Backroom staff follow Arsene Wenger out of Arsenal
Long-serving medical chief Colin Lewin heads list of departures from the Emirates Stadium.
A number of Arsenal’s backroom staff have followed Arsene Wenger out of the door as the club prepare for life beyond the Frenchman.
Wenger took charge of his last game at Huddersfield on Sunday as the curtain came down on a 22-year spell at the helm.
Press Association Sport understands the Gunners hierarchy have also acted to move on some of the coaching staff that worked alongside the 68-year-old.
While the managerial vacancy remains – with two former club captains in Mikel Arteta and Patrick Vieira still among the favourites for the role – the club has wasted no time in clearing the decks for the new regime.
Boro Primorac, a long-term coach and friend of Wenger, was always likely to leave and, as the outgoing manager prepares to clear his office later this week, a number of other backroom staff have also been relieved of their duties.
Colin Lewin, head of the club’s medical department, has been at the club a year longer than Wenger but will also be departing – as well as coaches Neil Banfield, Gerry Peyton and Tony Colbert, with Paul Johnson leaving his post as equipment manager.
As things stand it appears Wenger’s assistant Steve Bould and Jens Lehmann, recruited to the coaching staff just last summer, will remain under the new manager.
The hunt for Wenger’s successor continues, with Arteta now the bookmakers’ favourite to return to the club he served as a player between 2011 and 2016.
He retired two years ago to join Pep Guardiola’s coaching team at Manchester City and helped deliver the Premier League title to the Etihad Stadium this season.
While the 36-year-old has no managerial experience, Guardiola, speaking after his side reached the 100-point mark with a final-day victory at Southampton on Sunday, praised Arteta’s role in the success and said he would not stand in his way if Arsenal came calling.
“What we have done this season, Mikel his contribution was outstanding, amazing, we work together so good,” he said.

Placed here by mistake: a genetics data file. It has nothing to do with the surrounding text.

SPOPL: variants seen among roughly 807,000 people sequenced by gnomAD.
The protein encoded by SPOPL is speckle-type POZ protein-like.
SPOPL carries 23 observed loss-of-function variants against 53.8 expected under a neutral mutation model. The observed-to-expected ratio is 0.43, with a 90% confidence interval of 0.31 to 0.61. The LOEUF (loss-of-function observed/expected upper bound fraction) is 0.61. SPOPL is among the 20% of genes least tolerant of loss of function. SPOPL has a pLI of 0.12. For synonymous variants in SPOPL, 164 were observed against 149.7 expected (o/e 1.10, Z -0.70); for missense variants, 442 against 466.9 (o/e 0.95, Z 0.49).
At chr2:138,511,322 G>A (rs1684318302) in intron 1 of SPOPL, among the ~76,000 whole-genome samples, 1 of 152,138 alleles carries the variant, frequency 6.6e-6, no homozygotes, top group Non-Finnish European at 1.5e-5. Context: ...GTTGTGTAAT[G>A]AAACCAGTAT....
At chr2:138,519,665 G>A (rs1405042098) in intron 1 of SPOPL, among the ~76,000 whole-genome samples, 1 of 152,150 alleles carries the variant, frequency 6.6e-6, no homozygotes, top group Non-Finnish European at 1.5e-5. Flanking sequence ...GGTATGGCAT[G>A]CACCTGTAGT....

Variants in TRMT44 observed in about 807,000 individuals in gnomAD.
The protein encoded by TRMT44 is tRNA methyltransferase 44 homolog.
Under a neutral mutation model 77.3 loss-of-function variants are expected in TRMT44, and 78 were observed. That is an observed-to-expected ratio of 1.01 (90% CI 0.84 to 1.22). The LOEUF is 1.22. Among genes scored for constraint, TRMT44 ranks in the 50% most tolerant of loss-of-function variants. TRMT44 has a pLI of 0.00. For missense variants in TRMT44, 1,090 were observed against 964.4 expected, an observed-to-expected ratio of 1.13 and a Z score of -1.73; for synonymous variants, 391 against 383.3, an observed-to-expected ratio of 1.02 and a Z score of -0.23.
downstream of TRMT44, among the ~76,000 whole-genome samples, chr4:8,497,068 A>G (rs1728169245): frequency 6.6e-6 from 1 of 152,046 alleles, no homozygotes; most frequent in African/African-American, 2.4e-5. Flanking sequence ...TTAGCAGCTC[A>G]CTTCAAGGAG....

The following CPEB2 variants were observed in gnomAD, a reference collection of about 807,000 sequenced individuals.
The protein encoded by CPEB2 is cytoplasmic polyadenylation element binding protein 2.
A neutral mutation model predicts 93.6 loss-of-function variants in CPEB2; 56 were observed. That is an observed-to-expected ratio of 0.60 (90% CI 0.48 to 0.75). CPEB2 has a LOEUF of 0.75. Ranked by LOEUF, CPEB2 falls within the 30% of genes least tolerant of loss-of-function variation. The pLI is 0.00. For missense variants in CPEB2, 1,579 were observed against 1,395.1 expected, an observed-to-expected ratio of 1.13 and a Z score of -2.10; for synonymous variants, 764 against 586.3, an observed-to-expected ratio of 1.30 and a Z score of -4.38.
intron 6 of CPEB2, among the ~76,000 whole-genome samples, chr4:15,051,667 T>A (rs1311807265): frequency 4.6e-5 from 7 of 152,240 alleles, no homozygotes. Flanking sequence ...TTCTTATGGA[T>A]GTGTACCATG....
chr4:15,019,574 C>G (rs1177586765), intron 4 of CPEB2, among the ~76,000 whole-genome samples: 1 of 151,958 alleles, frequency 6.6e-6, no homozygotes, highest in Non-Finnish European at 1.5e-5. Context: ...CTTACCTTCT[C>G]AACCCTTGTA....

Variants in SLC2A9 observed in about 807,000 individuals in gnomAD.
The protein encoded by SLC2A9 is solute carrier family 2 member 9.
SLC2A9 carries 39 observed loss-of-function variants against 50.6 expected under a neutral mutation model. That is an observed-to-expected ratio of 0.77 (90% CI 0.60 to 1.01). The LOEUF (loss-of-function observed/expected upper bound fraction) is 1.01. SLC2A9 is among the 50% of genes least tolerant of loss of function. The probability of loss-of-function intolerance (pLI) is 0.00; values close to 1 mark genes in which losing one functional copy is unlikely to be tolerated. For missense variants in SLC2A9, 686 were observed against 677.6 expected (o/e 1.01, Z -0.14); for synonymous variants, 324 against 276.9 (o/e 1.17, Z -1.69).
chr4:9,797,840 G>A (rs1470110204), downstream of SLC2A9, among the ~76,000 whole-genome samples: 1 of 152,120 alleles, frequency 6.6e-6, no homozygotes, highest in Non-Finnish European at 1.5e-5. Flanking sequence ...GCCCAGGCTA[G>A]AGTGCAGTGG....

“If he stays I will be the happiest guy in the world and if he decides to move because he has this offer, this option, I will not say you do not have to go. I want the best for my friends and he is a friend of mine.”
Although Arteta has emerged as the front-runner and is reportedly the preferred choice of chief executive Ivan Gazidis, the likes of former Chelsea boss Carlo Ancelotti, New York City head coach Vieira and Massimiliano Allegri of Juventus continue to be linked with the job.
Allegri, who secured a fourth successive Serie A and Coppa Italia double over the weekend, appears the least likely to take the reins after both he and Juve said they want him to remain in charge of the Italian giants heading into next season.
Another name touted as a potential successor has been Hoffenheim head coach Julian Nagelsmann, although the Bundesliga side insisted on Tuesday that the 30-year-old will be going nowhere.
“Julian Nagelsmann will be our coach next season 100 per cent,” Hoffenheim’s director of football Alexander Rosen told Sky Germany.
It also remains unclear what Wenger’s next move will be.
He revealed last week he has some work to do in France early this week before returning to Arsenal’s London Colney training centre to clear his desk.
He said he has already received plenty of offers for work but suggested following the 1-0 win at Huddersfield that he would be tempted to move abroad so as not to come up against Arsenal in the future.